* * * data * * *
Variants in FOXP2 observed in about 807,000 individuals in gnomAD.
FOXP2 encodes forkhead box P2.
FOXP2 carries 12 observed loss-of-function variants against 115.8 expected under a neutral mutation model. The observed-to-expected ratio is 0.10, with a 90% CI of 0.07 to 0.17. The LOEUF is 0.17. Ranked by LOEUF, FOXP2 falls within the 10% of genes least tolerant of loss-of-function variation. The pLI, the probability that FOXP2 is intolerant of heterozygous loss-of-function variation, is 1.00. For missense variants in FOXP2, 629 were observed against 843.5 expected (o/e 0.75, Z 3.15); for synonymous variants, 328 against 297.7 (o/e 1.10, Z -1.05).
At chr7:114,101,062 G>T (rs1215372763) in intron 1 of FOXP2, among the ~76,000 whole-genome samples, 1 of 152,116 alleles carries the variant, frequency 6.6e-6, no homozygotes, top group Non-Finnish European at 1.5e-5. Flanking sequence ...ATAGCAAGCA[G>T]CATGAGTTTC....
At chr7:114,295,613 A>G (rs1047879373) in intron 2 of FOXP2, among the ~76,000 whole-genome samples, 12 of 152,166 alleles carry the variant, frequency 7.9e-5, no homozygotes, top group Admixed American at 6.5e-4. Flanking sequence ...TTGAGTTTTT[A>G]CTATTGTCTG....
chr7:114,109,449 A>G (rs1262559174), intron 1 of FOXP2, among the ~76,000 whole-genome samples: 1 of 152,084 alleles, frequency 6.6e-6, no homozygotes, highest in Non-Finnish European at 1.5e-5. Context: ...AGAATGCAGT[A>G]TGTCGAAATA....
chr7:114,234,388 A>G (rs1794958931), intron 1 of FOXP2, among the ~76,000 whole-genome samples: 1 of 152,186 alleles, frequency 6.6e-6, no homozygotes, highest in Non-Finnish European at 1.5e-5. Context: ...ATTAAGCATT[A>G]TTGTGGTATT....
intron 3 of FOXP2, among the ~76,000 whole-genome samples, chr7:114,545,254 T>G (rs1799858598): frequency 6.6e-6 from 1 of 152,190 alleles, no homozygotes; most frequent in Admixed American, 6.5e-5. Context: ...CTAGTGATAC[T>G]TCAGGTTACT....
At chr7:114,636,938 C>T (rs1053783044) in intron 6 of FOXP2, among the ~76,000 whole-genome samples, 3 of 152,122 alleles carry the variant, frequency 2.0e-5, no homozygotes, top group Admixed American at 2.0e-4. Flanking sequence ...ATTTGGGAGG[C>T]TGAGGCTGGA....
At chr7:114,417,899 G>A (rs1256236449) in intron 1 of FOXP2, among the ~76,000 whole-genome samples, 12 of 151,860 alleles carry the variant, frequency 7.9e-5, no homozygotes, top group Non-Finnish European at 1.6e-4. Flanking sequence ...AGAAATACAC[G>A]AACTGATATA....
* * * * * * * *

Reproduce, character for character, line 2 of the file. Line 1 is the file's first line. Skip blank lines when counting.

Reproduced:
FOXP2 encodes forkhead box P2.